Every year, people die from falling through ice they thought was safe to cross. In near-frozen water, you have exactly 10 minutes to get out of the icy waters before your muscles become too cold to function. As well, your heart rate and blood pressure increases, so the chance of cardiac arrest and sudden death could occur. Know these preventative measures and how to survive if you find yourself in this type of emergency.
For any of you who have ever read Jack London’s “To Build a Fire,” the possibility of breaking through the ice and either drowning or dying from subsequent exposure to the elements does exist. In most situations that can turn deadly, the way to avoid them is through diligence and proper preparation. Water crossings in the winter are no different. Let’s jump into it…figuratively speaking!
Know Before You Go
Firstly, never trust the water to be frozen completely. If you follow this, you may say, then how can you ever cross the ice? Well, just take into consideration there are many variables that influence ice thickness of rivers or lakes, and it’s always better to assume that there may be a problem…in this way, it doesn’t catch you unaware.
Take a look at your surroundings before starting to walk on the lake. Is there open water nearby or slush? These are indications of bad ice. Check the ice by cutting or drilling a hole in the ice to check for thickness.
How to Stay Safe
If you’re crossing a river, then you should have a rope that will reach to the other side at your crossing location. This is for several reasons. Firs, when crossing, you can use the rope as a lifeline if you wish. Secondly, the ice may be sturdy enough to cross, but without your gear. You may need a way to pull that gear behind you as you traverse the ice. If you wear a 75-lb. pack and you weigh 200 lbs., this could stress the ice if it isn’t frozen completely solid.
Next, you want to cross at exactly the shortest distance possible. This is common sense, as your wider expanses take more time to freeze. Another factor is the speed of the river. Sluggish rivers will freeze at least partially, down to about a depth of 3 feet or more. This is generally safe to cross over.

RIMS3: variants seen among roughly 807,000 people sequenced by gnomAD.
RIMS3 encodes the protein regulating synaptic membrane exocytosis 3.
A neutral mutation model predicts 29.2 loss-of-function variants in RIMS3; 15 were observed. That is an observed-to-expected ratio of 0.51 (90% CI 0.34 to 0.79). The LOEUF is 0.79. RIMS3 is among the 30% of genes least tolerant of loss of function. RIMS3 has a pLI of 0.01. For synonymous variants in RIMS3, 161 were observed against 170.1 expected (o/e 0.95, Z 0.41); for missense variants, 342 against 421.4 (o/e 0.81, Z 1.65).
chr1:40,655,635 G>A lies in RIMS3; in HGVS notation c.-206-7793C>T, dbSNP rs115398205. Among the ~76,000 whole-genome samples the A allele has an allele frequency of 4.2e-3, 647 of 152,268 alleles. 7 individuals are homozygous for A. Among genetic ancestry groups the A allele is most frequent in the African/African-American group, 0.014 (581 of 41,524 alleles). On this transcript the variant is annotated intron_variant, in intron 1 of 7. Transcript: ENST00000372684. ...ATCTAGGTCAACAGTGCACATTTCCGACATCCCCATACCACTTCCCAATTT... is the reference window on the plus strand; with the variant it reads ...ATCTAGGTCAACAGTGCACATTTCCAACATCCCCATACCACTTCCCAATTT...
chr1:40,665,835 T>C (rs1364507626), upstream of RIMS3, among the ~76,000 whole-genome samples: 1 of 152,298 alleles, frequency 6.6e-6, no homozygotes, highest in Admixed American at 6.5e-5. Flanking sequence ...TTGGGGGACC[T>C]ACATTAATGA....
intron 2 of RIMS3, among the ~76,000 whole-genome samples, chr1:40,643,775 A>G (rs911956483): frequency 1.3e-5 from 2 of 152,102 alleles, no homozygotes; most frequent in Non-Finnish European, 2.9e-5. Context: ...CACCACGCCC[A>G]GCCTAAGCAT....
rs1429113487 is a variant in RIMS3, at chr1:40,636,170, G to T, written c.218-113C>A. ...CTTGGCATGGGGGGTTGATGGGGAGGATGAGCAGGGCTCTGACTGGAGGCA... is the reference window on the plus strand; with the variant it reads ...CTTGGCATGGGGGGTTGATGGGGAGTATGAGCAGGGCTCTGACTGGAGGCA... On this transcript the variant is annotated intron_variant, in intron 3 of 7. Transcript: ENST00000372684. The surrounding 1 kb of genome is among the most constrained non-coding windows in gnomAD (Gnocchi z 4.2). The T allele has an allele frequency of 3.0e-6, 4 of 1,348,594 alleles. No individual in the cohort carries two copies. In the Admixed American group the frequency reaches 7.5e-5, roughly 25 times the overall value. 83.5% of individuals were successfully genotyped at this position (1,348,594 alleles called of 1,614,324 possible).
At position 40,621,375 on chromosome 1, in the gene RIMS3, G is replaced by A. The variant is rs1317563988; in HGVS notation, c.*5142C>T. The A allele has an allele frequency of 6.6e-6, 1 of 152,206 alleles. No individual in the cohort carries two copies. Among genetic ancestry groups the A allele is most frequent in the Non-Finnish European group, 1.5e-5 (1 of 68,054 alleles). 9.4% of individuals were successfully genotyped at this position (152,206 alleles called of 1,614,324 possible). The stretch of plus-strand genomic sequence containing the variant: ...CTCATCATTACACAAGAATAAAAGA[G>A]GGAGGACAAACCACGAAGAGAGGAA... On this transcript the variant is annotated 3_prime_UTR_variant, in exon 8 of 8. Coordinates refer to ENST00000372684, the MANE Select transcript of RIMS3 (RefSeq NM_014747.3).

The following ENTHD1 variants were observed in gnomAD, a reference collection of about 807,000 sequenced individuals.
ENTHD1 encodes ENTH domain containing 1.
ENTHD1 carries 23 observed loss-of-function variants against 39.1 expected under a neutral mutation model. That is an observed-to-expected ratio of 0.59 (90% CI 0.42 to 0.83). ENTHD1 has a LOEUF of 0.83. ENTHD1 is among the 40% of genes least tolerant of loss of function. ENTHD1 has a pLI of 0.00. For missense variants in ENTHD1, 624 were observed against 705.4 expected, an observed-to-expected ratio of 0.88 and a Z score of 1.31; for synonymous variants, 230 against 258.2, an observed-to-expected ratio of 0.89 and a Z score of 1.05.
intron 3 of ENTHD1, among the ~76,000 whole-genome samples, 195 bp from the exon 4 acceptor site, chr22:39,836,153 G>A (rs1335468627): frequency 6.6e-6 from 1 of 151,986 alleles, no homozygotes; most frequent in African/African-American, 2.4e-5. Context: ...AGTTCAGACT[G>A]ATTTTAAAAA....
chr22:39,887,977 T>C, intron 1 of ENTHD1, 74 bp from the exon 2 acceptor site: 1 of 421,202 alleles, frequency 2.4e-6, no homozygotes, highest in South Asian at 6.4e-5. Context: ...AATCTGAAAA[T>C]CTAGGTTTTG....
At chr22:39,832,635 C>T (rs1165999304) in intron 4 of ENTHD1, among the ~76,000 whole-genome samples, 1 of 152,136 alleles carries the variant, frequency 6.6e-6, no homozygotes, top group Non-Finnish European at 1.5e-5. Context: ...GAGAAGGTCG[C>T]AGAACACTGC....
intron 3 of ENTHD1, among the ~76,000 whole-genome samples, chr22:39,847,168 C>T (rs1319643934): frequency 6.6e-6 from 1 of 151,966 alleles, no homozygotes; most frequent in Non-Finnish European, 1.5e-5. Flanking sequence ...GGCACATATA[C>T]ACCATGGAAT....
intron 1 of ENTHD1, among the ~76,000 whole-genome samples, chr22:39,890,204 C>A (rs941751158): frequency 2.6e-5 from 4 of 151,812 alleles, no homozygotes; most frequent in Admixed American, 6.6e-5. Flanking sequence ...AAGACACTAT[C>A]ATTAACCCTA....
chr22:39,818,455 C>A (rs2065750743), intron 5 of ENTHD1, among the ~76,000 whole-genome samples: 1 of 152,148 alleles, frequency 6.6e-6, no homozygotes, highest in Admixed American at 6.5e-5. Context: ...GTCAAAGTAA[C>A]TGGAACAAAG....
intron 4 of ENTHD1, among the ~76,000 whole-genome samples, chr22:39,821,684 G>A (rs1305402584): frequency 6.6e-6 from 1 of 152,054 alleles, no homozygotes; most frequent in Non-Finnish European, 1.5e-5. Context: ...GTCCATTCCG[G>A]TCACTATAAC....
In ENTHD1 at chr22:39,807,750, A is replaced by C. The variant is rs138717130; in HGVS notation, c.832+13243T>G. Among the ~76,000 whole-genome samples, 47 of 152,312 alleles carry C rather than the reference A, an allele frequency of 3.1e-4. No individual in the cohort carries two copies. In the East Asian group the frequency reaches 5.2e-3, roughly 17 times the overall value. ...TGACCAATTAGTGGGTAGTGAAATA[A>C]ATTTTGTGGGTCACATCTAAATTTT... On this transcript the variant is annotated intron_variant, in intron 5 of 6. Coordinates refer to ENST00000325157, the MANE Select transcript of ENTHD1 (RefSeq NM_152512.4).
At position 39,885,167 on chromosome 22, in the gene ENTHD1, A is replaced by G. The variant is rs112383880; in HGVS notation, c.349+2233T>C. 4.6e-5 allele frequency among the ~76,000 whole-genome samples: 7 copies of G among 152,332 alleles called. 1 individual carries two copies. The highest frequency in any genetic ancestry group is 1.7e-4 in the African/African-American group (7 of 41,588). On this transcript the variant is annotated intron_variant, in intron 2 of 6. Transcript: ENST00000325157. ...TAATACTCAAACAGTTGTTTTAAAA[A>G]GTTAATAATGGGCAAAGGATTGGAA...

If the ice starts to crack, gauge where you are and see whether you can make it the rest of the way, or if you should turn back, and do it quickly. It helps to have a stout walking stick or pole with you. If you don’t walk with one, then cut one from a dead limb if possible. If a break happens, you can spread the pole out and keep from going under. If the crack looks bad and you may not have time, lay down on the ice spread-eagled. This will distribute your weight over the ice on a wider area, rather than having all of it at one point. Use your rope to pull yourself back across. This is where Yak-tracks or spikes/crepons will help you to use your feet as well.
Tie your rope off on one side. Walk it all the way across if you can. If it’s solid, when you reach the other side, tie it off there, and then go back. With heavy gear, you can then affix it to the rope and drag it behind you to the far side, or go to the far side and pull the gear all the way across (the preferred option). Snow also must be taken into consideration, as it can obscure what you see. Always err on the side of caution.